The Times and Internet Voting they are not a changing

In late 2010 the New York Times ran an article States Move to Allow Overseas and Military Voters to Cast Ballots by Internet <read> which touted risky Internet voting. I was well refuted by Representative Rush Holt in a letter to the Times. <read>

Here we go again a very small article by Matt Bai Double-Click the Vote <read>

It’s amazing to think that I just renewed my car registration and paid my taxes online, but in November I’ll still have to wait in line to vote. The best argument against Internet voting is that it stacks the system against old and poor people who can’t afford or use computers, but the same could be said about cars. For decades, volunteers have showed up at retirement homes with rented vans. Isn’t it time they came with laptops?

What is amazing is actually that the paper of record prints such things that defy science and all the evidence <CTVoterCount Internet Voting Index>

Tech.pinions refutes Bai’s arguments, yet I suspect will reach much fewer than the flawed Bai piece: Internet Voting Is Years Away, And Maybe Always Will Be <read>

They do a great job of explaining the challenge of anonymity:

…If only it were so simple.

Voting, alas, has unique characteristics that make internet implementations all but impossible given current technology. The big problem is that we make two demands of it that cannot be met simultaneously. We want voting to be very, very secure. And we want it to be very, very anonymous.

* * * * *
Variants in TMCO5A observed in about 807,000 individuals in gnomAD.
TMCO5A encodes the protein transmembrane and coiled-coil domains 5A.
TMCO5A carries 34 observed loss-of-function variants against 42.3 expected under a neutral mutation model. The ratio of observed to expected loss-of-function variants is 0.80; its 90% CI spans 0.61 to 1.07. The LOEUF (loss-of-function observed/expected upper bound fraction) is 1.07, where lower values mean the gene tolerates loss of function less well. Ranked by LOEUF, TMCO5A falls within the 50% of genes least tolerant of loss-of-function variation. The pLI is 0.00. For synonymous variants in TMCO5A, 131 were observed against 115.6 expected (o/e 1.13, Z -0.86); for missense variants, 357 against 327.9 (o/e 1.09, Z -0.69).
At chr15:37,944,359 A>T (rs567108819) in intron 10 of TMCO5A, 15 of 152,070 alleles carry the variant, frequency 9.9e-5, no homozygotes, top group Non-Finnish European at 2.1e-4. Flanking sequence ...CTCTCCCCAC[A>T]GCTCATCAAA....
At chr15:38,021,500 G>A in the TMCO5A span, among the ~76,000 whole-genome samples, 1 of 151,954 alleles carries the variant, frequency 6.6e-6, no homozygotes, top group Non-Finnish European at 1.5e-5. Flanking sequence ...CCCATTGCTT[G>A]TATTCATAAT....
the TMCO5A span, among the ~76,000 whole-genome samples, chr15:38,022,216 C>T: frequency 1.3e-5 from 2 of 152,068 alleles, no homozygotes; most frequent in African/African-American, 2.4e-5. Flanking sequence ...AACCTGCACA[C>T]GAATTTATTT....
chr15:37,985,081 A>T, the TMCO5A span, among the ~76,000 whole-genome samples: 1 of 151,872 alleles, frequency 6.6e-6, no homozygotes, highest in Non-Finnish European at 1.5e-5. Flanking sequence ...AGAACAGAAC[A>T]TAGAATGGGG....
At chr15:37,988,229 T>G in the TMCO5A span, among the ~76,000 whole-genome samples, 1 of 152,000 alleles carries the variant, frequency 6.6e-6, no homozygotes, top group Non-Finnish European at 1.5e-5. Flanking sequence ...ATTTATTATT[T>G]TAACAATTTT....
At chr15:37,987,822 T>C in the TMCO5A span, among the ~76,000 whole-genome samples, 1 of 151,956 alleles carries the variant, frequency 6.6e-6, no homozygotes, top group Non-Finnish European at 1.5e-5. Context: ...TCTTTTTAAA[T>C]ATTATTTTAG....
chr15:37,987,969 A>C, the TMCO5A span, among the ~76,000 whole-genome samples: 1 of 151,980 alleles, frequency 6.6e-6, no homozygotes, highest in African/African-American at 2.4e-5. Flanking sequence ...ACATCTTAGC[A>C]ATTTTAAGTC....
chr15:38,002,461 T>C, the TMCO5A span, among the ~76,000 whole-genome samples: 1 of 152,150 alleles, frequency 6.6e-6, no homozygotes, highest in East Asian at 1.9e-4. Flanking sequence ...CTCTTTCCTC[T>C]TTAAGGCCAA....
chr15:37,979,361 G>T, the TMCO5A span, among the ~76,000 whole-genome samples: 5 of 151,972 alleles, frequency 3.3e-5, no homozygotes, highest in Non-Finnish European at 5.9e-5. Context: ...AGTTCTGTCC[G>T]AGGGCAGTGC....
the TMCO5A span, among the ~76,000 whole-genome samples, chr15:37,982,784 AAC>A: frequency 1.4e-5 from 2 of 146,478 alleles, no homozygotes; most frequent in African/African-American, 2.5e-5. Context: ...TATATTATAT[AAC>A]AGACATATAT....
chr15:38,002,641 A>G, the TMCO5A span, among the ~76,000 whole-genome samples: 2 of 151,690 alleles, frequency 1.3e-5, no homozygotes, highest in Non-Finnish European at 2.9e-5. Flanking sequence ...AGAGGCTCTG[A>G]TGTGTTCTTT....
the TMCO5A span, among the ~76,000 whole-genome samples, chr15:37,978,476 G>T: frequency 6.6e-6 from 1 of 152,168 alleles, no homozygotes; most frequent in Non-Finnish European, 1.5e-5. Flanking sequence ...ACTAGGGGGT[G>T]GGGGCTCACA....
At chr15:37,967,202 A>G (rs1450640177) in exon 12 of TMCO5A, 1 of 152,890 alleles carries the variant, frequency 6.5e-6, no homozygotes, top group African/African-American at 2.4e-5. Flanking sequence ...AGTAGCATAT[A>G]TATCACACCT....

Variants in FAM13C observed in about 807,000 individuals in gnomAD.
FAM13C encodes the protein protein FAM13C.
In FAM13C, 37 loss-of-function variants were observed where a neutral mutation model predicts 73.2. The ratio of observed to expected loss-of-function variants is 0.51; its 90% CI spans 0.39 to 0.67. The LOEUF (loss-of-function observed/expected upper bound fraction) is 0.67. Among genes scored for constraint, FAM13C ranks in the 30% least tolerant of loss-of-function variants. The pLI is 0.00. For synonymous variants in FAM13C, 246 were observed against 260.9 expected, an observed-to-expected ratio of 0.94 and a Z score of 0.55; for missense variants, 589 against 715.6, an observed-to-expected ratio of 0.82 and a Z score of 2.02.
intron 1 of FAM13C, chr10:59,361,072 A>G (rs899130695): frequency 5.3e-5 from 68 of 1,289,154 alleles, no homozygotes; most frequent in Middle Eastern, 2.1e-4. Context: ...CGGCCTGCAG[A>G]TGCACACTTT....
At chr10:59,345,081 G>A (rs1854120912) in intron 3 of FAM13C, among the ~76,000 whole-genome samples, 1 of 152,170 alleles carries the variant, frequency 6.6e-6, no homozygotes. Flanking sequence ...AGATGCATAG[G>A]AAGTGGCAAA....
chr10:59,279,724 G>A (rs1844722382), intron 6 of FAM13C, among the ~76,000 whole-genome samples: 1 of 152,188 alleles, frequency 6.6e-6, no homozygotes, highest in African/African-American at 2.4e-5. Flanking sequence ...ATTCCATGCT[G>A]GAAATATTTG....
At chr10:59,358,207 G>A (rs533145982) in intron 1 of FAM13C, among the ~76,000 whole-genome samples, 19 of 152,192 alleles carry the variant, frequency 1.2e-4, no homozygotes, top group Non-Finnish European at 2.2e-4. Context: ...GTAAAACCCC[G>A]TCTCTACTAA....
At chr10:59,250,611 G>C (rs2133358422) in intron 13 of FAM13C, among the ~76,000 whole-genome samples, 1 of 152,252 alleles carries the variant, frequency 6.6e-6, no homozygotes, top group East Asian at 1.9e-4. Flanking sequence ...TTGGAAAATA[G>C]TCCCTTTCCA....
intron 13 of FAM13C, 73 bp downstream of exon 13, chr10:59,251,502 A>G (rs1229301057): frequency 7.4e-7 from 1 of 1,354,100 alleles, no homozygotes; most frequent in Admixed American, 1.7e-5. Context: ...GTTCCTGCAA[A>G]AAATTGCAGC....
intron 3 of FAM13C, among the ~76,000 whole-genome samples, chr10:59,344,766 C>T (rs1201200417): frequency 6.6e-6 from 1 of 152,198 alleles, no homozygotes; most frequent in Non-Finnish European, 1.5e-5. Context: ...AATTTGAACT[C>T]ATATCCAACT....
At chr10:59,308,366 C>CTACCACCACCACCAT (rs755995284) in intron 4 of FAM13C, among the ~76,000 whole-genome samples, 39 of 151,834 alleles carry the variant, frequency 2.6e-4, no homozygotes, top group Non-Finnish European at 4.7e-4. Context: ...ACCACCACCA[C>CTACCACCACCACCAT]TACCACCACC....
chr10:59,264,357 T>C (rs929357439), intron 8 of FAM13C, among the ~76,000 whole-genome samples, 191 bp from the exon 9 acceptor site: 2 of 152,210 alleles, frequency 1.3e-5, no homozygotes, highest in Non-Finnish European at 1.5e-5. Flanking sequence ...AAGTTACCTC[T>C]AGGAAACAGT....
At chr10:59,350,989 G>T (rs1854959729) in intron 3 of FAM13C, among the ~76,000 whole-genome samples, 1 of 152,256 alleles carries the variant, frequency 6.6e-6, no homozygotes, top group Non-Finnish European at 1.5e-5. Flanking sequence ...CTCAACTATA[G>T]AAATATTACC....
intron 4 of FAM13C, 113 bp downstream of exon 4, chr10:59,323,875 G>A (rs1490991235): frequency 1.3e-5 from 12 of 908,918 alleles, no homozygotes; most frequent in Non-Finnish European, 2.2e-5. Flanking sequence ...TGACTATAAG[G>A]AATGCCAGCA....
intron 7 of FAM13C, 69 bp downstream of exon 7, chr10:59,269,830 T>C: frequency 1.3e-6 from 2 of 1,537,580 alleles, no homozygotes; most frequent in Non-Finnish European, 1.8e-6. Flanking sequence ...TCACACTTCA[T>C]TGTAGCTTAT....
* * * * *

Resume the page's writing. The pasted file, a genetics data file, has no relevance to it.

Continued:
Internet security is difficult under the best of conditions. But voting has the additional complication that it is very difficult, if not impossible, to remedy a breach. Most of the time, all that is at stake is money, and we know how to fix that. Identity theft is more complex but still there are remedies. A stolen vote is gone forever.

Anonymity complicated the problem immensely. The usual way to secure an internet transaction to to make certain that both the server and the person at the other end and who or what they claim to be. To cast a ballot at a poling place or vote an absentee ballot, you have to produce identification or, at a minimum, a signature that matches one on file. It’s not perfect. but it’s generally better than we can do on the internet. Then you are given a ballot or a card that activates an electronic voting machine, but there is no link between the ballot and your identity, guaranteeing anonymity. This is really, really hard to simulate online. The more that is done to assure your identity, the harder it is to separate that identity from the vote that is cast…

We will see more trials in this year’s voting. But widespread internet voting is still waiting for a day that may never come.



Bonus: Alex Haldeman <video>


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